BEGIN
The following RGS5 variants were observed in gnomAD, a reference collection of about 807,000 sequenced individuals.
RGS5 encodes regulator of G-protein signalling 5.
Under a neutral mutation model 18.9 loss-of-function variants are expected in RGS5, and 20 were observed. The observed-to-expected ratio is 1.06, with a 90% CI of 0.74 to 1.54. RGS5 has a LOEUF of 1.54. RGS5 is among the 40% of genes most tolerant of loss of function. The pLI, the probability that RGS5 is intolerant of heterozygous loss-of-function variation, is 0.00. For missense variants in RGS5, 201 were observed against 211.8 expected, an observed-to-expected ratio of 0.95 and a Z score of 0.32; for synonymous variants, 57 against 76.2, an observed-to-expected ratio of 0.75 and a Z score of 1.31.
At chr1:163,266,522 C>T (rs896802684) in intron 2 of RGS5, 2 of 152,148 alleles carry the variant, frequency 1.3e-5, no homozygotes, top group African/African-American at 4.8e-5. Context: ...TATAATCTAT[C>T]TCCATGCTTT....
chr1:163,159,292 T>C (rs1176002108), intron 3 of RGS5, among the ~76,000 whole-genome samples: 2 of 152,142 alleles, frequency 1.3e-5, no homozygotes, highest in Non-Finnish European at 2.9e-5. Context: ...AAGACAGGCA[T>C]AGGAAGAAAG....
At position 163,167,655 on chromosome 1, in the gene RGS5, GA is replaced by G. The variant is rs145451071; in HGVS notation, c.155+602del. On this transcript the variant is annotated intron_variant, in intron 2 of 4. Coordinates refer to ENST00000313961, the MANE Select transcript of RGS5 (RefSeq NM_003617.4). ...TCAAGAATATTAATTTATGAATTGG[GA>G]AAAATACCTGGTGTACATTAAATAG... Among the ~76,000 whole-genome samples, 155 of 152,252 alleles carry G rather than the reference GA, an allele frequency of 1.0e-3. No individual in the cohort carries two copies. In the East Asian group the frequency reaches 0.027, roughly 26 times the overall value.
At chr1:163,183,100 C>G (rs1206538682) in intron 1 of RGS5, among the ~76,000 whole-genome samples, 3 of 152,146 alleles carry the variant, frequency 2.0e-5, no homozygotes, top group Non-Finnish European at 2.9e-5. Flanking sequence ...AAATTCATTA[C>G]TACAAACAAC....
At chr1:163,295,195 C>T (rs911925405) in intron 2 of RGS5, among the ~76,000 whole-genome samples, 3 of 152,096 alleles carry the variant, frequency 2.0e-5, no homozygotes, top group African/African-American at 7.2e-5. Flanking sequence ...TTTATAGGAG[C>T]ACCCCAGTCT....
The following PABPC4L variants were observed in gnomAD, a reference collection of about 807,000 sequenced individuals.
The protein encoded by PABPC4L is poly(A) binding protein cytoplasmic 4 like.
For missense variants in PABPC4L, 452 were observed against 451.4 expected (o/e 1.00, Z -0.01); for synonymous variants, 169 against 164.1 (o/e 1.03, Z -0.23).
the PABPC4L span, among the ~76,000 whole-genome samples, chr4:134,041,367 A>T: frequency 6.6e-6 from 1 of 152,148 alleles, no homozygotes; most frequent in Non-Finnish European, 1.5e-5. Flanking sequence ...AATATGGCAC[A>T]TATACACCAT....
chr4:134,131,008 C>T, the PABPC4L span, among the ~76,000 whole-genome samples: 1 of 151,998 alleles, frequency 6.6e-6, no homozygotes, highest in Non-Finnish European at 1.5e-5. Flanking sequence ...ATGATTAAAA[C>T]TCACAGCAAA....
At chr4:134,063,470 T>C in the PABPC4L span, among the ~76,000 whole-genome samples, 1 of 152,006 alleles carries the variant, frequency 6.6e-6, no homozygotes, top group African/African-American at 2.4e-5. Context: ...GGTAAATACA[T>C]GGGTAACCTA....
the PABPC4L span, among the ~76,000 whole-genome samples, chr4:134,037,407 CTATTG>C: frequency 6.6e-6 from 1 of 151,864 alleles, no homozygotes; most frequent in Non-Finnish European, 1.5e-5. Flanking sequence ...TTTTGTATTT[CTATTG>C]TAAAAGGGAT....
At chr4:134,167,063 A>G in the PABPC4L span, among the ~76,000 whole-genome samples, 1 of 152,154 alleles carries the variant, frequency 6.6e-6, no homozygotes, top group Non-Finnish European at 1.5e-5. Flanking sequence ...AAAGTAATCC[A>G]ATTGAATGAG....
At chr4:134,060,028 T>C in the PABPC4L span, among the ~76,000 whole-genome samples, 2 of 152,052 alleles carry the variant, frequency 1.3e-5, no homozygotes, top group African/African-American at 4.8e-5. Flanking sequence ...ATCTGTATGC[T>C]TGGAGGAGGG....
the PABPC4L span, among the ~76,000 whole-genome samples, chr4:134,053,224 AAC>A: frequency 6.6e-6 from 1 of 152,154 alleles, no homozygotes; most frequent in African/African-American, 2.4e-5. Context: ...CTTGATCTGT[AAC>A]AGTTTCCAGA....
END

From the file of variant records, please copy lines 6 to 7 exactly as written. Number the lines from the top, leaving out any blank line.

At position 163,167,655 on chromosome 1, in the gene RGS5, GA is replaced by G. The variant is rs145451071; in HGVS notation, c.155+602del. On this transcript the variant is annotated intron_variant, in intron 2 of 4. Coordinates refer to ENST00000313961, the MANE Select transcript of RGS5 (RefSeq NM_003617.4). ...TCAAGAATATTAATTTATGAATTGG[GA>G]AAAATACCTGGTGTACATTAAATAG... Among the ~76,000 whole-genome samples, 155 of 152,252 alleles carry G rather than the reference GA, an allele frequency of 1.0e-3. No individual in the cohort carries two copies. In the East Asian group the frequency reaches 0.027, roughly 26 times the overall value.
At chr1:163,183,100 C>G (rs1206538682) in intron 1 of RGS5, among the ~76,000 whole-genome samples, 3 of 152,146 alleles carry the variant, frequency 2.0e-5, no homozygotes, top group Non-Finnish European at 2.9e-5. Flanking sequence ...AAATTCATTA[C>G]TACAAACAAC....